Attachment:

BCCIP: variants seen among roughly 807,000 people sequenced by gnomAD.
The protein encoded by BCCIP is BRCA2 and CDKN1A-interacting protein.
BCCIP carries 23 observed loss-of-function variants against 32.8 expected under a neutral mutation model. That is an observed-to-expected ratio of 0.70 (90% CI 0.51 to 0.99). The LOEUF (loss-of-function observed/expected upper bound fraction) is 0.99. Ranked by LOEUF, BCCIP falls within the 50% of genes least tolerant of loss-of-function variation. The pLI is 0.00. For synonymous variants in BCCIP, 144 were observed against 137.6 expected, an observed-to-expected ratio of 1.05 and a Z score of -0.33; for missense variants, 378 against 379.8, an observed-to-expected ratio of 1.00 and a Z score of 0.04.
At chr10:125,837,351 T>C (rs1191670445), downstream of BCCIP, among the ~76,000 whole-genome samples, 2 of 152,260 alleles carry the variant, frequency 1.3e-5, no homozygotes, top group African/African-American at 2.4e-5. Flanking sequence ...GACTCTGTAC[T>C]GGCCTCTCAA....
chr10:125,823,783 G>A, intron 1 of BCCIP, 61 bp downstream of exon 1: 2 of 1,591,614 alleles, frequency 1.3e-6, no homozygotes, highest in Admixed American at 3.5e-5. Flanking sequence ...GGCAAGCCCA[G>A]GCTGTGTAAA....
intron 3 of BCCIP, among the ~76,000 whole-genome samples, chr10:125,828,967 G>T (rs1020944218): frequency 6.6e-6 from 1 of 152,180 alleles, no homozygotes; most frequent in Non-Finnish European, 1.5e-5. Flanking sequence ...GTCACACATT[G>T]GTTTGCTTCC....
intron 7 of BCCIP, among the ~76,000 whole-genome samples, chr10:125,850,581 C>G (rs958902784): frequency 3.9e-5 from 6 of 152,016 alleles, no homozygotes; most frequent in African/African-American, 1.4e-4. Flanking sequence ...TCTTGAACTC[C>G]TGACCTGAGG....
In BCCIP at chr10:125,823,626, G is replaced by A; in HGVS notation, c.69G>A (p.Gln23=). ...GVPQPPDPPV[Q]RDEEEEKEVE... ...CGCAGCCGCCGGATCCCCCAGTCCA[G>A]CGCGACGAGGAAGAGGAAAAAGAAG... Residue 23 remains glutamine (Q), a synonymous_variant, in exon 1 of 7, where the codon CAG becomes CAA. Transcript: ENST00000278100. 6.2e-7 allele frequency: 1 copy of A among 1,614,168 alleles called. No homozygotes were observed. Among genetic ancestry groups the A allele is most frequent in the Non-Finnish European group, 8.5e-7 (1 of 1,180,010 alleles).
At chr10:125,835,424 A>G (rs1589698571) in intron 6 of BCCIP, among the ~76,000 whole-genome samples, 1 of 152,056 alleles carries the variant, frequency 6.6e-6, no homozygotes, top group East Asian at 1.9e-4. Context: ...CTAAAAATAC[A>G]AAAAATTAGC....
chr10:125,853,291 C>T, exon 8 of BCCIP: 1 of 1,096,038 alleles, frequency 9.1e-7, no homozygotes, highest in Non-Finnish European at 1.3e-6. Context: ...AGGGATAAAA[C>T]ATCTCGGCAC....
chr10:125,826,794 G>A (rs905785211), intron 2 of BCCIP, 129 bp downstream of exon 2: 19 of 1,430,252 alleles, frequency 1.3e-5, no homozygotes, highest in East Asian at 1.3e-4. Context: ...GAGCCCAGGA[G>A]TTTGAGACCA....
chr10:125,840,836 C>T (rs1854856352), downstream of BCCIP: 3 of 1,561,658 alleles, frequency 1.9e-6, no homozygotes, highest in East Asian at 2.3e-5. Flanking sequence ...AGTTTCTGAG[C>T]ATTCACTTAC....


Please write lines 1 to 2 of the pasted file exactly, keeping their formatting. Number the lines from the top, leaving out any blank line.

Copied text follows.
BCCIP: variants seen among roughly 807,000 people sequenced by gnomAD.
The protein encoded by BCCIP is BRCA2 and CDKN1A-interacting protein.